Tuesday, October 6, 2009

Spiritual Autobiography: The Desert Part One

As noted yesterday, I was struggling with my Spiritual Autobiography. As my classmates gathered around the table in the next room to fill their plates and get a glass of wine, I opened the Book of Common Prayer to the Collect of the Day from Sunday, and scribbled it at the top of the page:

"Almighty and everlasting God, you are always more ready to hear than we are to pray, and to give more than we either desire or deserve: Pour upon us the abundance of your mercy, forgiving us those things of which our conscience is afraid, and giving us those good things for which we are not worthy to ask, except through the merits and mediation of Jesus Christ our Savior; who lives and reigns with you and the Holy Spirit, one God, for ever and ever. Amen."
Don't ask me why this helped to write this out, but it did. I s'pose in writing it, I was praying it, and thus getting grounded. So there it is. But it's a good one, isn't it?

At any rate, we are now entering a period of time where things in my life were dark. Perhaps some of this will feel familiar to your own life experiences; that's part of the sharing of the autobiography. At this point in the story, I am entering yet another world: I am leaving behind my friends in the Exeter Public School system to attend Governor Dummer Academy. The picture is of the entrance to the school. The Ingham Footbridge took students over the street to some the boy's dormitories. I was a Day Student (Thanks be to God!) so I didn't live on campus.

I definitely felt like a square peg that was being jammed into a round hole. And, since this was a New England prep school, there were plenty of teachers and administrators who made a point of reminding me that, unlike the other students, I had come from a public school background; hence I would never be as good as the other kids. Having skipped a grade came back to haunt me because I hadn’t gotten a good grounding in fractions. And my eighth grade math teacher had been a rotation of three different people; hence we learned nothing that year. So, I got to this prep school totally unprepared for Algebra… and it showed.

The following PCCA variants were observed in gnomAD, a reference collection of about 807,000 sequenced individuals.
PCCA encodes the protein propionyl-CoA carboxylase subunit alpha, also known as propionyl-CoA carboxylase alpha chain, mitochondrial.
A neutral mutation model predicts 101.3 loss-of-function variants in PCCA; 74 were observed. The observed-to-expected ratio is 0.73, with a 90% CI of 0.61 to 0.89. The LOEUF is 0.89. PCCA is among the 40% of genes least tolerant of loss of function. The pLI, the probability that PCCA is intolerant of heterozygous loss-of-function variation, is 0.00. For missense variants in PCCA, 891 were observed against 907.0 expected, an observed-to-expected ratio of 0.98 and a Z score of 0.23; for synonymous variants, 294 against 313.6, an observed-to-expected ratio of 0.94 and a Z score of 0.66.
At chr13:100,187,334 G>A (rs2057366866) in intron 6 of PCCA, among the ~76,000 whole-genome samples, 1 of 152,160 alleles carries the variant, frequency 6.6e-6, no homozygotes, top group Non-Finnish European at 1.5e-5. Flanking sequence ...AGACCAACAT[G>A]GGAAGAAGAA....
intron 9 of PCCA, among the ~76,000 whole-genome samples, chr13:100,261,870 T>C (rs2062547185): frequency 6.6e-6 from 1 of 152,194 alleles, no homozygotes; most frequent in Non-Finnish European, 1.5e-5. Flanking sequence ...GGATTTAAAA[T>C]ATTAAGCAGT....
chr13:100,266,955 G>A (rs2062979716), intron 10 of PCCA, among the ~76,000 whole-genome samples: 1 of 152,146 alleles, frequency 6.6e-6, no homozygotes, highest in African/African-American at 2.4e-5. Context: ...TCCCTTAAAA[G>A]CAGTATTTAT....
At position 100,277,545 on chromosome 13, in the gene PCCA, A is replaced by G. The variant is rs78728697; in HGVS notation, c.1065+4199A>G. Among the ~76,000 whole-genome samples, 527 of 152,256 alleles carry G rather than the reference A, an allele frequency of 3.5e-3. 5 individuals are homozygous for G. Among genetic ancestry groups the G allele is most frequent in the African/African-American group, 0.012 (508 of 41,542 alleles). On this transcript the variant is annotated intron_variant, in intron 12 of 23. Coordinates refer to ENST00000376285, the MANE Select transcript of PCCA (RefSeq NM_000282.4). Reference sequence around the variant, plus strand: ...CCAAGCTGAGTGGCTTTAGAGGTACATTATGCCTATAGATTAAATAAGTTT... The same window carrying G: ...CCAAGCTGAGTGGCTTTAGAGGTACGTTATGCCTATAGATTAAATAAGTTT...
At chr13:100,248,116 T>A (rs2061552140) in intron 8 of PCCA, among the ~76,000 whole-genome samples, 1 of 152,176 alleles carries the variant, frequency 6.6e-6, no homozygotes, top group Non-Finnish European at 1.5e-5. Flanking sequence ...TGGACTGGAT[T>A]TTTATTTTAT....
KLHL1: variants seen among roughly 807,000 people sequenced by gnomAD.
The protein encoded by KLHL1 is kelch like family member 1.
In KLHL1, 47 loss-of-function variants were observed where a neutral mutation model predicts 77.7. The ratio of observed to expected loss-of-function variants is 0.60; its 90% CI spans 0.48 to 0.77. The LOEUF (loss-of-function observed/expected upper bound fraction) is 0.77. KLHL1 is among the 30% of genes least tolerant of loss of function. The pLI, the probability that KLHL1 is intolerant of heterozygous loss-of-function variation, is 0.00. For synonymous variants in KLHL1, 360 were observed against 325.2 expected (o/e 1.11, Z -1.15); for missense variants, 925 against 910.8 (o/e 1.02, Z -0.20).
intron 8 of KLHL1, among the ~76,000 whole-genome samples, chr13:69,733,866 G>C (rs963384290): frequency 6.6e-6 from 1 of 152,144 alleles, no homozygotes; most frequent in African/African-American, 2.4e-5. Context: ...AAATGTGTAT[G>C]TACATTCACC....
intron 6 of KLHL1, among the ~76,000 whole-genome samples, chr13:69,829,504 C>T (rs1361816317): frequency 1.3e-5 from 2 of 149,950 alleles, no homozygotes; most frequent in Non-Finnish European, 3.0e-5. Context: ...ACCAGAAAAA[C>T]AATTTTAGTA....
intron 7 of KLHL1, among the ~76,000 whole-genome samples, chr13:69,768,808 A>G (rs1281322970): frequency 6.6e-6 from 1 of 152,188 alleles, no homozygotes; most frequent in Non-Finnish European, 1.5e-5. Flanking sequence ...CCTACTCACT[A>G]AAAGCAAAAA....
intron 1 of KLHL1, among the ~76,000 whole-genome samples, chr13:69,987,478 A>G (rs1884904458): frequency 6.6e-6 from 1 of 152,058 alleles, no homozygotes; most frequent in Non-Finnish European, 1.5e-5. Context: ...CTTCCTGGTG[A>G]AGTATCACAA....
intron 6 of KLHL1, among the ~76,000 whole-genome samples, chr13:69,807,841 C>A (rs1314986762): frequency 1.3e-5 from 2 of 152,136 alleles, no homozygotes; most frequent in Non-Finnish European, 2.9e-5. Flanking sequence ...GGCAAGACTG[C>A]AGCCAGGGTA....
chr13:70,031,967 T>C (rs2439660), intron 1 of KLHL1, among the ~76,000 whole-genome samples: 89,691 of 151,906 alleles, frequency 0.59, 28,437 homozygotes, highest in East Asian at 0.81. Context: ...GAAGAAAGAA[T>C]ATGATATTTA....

And, by this point, I was also realizing that this whole “boys” and “girls” thing wasn’t working for me… because I wasn’t attracted to “boys”. I liked boys. I wanted to have boys as friends. But when it came to something like going to the prom… I was more interested in dancing with Annie more than Andy.

The school was very small. And even though I wasn’t out or acting on my feelings, other kids picked up on the fact that I was “different” and they made my life hell. They threw things at me, tried to trip me coming out of classes, etc. There had been some other events in my life (multiple deaths) that had also been upsetting, and all of it was pushing me toward suicide as the only solution.

Then came Epiphany, 1984. I had a choice: I was either going to leave my religion class and walk to the foot bridge on campus over Elm Street and jump. Or I was going to keep the promise that I had made to the school chaplain and, if I felt suicidal, seek her out first. The bell rang, and my body became heavy and rigid, and I couldn’t move. And I asked this chaplain, “Talk me out of suicide.” I don’t really remember what all happened next, except that I was there, in her classroom, for almost the entire next period as she kept talking to me. Later on, I would realize that if I had ever had an encounter with angels, this was probably it. I have a visualization of four Archangels grabbing my ankles, sitting in my lap, doing everything to keep me from leaving that room.

This was a new turn in my relationship with God.

College: I went to the University of Missouri-Columbia, majored in broadcast journalism, and actually PREFERRED radio journalism to TV. I also kept attending church, and found the one Episcopal Church, Calvary Episcopal, was only a couple blocks north of the J-School. This also is when I finally came out to myself as a lesbian, but I didn’t seek out anyone for a relationship. Instead, I just quit trying to force myself to be straight when it really wasn’t working for me… or the guys I dated.

When I moved to Tallahassee to take a reporting job at WFSU, I went on a Goldilocks tour of Episcopal Churches… which was a first for me, as I never had lived in a place with multiple choices for Episcopalians! I was feeling pretty fed up and depressed by it all, and then came to St. John’s. This was 1991. And it was great! It had all this pomp and circumstance, a female associate rector, and every week, we prayed for people living with AIDS.

But I fell in love, and discovered that in the world of lesbians living in Tallahassee, you do NOT attend church! And in my new “chosen” family, as we call it, if you believed in God, you were some horrifying bigoted brainless fool. So, I stopped going to church, except for certain occasions and even then that was sporadic. I was having to adapt… and finding that my identity as a lesbian was incompatible with identity as a Christian.

More to come from the Desert. Stay tuned!


textjunkie said...

Ouch. I've been following your blog for a while but never commented before; but to this series I have to say, I'm really sorry you had those experiences. :(

Phoebe said...

Thank goodness for chaplains and archangels!
And what a sad condemnation of the church.

SCG said...

Thank you, textjunkie. My story does take an upswing. And 20/20 hindsight says that all of these experiences were a necessary part of my spiritual growth process.

And--yes, Phoebe-- good on archangels and chaplains. The church needs improvement... and is slowly getting there.

Anonymous said...

AMEN to that my dear, and I too am very glad for our dear GDA chaplain and the archangels which I didn't know about until now.


SCG said...

You're learning a lot here, Peggins! :)